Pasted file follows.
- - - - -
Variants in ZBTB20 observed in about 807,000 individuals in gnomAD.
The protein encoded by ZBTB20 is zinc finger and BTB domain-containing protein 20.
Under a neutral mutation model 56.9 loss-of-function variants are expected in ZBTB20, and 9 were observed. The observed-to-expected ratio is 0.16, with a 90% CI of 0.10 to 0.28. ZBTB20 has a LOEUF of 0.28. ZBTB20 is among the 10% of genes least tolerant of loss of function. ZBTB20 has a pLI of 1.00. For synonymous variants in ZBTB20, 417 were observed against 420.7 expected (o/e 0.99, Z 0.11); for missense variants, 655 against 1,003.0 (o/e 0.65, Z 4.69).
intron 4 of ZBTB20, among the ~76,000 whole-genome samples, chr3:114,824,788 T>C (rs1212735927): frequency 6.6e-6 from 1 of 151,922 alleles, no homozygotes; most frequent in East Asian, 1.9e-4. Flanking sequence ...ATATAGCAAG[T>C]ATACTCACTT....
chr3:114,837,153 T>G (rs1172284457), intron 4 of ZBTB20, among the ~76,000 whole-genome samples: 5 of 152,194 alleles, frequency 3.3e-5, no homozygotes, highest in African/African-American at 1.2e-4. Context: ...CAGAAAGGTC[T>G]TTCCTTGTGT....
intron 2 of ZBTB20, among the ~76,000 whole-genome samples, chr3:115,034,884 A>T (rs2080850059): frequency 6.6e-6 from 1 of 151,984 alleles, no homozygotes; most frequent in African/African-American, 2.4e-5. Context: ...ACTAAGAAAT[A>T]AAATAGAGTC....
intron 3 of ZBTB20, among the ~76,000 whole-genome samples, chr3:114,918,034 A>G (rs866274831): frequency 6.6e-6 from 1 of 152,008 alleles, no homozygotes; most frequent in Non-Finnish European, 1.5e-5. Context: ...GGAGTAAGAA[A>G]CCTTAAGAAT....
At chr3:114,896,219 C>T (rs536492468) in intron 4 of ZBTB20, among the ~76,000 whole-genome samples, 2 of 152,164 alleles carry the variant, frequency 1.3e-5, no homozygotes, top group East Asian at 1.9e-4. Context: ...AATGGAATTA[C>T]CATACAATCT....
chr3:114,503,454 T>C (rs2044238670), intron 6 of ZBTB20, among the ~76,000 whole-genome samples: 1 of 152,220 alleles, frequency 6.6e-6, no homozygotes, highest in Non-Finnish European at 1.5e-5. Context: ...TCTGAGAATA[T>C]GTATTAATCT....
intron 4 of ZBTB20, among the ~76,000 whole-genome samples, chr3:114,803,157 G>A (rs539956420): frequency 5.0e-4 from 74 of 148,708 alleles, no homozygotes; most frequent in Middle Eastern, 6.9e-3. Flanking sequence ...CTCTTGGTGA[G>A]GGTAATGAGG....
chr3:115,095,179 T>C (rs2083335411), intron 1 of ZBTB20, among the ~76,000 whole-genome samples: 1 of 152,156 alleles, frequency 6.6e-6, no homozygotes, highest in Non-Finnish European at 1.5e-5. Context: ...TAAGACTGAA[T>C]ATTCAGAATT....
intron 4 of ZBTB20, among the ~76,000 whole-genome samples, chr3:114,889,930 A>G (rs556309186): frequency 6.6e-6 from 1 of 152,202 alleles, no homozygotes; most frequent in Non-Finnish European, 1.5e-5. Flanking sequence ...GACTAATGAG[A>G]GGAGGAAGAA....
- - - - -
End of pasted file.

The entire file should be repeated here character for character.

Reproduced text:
Variants in ZBTB20 observed in about 807,000 individuals in gnomAD.
The protein encoded by ZBTB20 is zinc finger and BTB domain-containing protein 20.
Under a neutral mutation model 56.9 loss-of-function variants are expected in ZBTB20, and 9 were observed. The observed-to-expected ratio is 0.16, with a 90% CI of 0.10 to 0.28. ZBTB20 has a LOEUF of 0.28. ZBTB20 is among the 10% of genes least tolerant of loss of function. ZBTB20 has a pLI of 1.00. For synonymous variants in ZBTB20, 417 were observed against 420.7 expected (o/e 0.99, Z 0.11); for missense variants, 655 against 1,003.0 (o/e 0.65, Z 4.69).
intron 4 of ZBTB20, among the ~76,000 whole-genome samples, chr3:114,824,788 T>C (rs1212735927): frequency 6.6e-6 from 1 of 151,922 alleles, no homozygotes; most frequent in East Asian, 1.9e-4. Flanking sequence ...ATATAGCAAG[T>C]ATACTCACTT....
chr3:114,837,153 T>G (rs1172284457), intron 4 of ZBTB20, among the ~76,000 whole-genome samples: 5 of 152,194 alleles, frequency 3.3e-5, no homozygotes, highest in African/African-American at 1.2e-4. Context: ...CAGAAAGGTC[T>G]TTCCTTGTGT....
intron 2 of ZBTB20, among the ~76,000 whole-genome samples, chr3:115,034,884 A>T (rs2080850059): frequency 6.6e-6 from 1 of 151,984 alleles, no homozygotes; most frequent in African/African-American, 2.4e-5. Context: ...ACTAAGAAAT[A>T]AAATAGAGTC....
intron 3 of ZBTB20, among the ~76,000 whole-genome samples, chr3:114,918,034 A>G (rs866274831): frequency 6.6e-6 from 1 of 152,008 alleles, no homozygotes; most frequent in Non-Finnish European, 1.5e-5. Context: ...GGAGTAAGAA[A>G]CCTTAAGAAT....
At chr3:114,896,219 C>T (rs536492468) in intron 4 of ZBTB20, among the ~76,000 whole-genome samples, 2 of 152,164 alleles carry the variant, frequency 1.3e-5, no homozygotes, top group East Asian at 1.9e-4. Context: ...AATGGAATTA[C>T]CATACAATCT....
chr3:114,503,454 T>C (rs2044238670), intron 6 of ZBTB20, among the ~76,000 whole-genome samples: 1 of 152,220 alleles, frequency 6.6e-6, no homozygotes, highest in Non-Finnish European at 1.5e-5. Context: ...TCTGAGAATA[T>C]GTATTAATCT....
intron 4 of ZBTB20, among the ~76,000 whole-genome samples, chr3:114,803,157 G>A (rs539956420): frequency 5.0e-4 from 74 of 148,708 alleles, no homozygotes; most frequent in Middle Eastern, 6.9e-3. Flanking sequence ...CTCTTGGTGA[G>A]GGTAATGAGG....
chr3:115,095,179 T>C (rs2083335411), intron 1 of ZBTB20, among the ~76,000 whole-genome samples: 1 of 152,156 alleles, frequency 6.6e-6, no homozygotes, highest in Non-Finnish European at 1.5e-5. Context: ...TAAGACTGAA[T>C]ATTCAGAATT....
intron 4 of ZBTB20, among the ~76,000 whole-genome samples, chr3:114,889,930 A>G (rs556309186): frequency 6.6e-6 from 1 of 152,202 alleles, no homozygotes; most frequent in Non-Finnish European, 1.5e-5. Flanking sequence ...GACTAATGAG[A>G]GGAGGAAGAA....